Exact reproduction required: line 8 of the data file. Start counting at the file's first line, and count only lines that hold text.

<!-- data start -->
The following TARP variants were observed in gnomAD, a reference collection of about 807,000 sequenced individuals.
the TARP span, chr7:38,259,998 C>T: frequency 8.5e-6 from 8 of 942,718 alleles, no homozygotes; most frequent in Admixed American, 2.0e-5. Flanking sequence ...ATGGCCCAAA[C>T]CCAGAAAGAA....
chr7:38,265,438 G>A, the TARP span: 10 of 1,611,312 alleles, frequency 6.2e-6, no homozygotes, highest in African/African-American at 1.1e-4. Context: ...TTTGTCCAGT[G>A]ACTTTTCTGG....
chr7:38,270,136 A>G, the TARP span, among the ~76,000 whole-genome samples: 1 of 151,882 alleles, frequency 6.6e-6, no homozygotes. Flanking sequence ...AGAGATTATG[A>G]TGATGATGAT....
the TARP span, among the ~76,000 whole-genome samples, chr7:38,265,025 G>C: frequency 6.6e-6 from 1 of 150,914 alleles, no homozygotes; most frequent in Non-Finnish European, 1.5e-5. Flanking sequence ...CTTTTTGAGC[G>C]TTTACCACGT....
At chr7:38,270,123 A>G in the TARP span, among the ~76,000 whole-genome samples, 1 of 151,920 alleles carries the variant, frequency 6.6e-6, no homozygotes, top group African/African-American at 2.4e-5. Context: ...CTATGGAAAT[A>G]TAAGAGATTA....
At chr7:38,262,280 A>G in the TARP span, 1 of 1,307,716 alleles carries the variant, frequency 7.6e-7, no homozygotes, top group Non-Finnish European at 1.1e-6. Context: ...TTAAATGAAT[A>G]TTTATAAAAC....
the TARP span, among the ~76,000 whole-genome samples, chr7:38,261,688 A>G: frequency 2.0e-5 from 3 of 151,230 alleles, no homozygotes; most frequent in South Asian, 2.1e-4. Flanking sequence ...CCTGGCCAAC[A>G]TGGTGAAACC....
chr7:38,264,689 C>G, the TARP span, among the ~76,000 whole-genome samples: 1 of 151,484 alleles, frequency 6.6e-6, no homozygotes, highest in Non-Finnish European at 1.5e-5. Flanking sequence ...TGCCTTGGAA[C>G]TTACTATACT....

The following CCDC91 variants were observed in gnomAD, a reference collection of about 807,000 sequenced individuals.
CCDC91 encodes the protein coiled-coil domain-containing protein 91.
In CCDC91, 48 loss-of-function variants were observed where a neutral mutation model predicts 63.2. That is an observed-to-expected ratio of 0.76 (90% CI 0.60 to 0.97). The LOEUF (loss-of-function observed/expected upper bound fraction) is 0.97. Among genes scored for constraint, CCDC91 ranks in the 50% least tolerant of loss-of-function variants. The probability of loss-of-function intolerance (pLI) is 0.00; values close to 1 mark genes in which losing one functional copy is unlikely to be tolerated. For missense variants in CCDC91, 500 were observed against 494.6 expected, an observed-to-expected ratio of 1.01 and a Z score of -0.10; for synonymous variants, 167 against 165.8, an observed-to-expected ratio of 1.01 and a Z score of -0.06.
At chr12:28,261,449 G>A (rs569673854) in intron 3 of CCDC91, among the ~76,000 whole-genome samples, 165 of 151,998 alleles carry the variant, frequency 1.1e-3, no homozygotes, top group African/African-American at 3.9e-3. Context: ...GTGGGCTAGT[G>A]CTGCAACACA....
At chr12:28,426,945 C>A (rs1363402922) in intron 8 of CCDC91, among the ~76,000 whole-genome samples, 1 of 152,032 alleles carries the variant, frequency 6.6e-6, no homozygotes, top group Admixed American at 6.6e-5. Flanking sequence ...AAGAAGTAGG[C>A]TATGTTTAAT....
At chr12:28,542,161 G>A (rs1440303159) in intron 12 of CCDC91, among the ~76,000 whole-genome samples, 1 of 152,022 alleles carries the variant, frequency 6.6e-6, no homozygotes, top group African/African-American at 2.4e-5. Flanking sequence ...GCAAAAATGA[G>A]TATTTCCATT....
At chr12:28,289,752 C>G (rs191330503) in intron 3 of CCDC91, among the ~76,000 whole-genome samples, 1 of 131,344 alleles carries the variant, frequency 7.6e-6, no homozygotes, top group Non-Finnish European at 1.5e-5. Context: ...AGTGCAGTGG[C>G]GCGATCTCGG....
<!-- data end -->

the TARP span, among the ~76,000 whole-genome samples, chr7:38,261,688 A>G: frequency 2.0e-5 from 3 of 151,230 alleles, no homozygotes; most frequent in South Asian, 2.1e-4. Flanking sequence ...CCTGGCCAAC[A>G]TGGTGAAACC....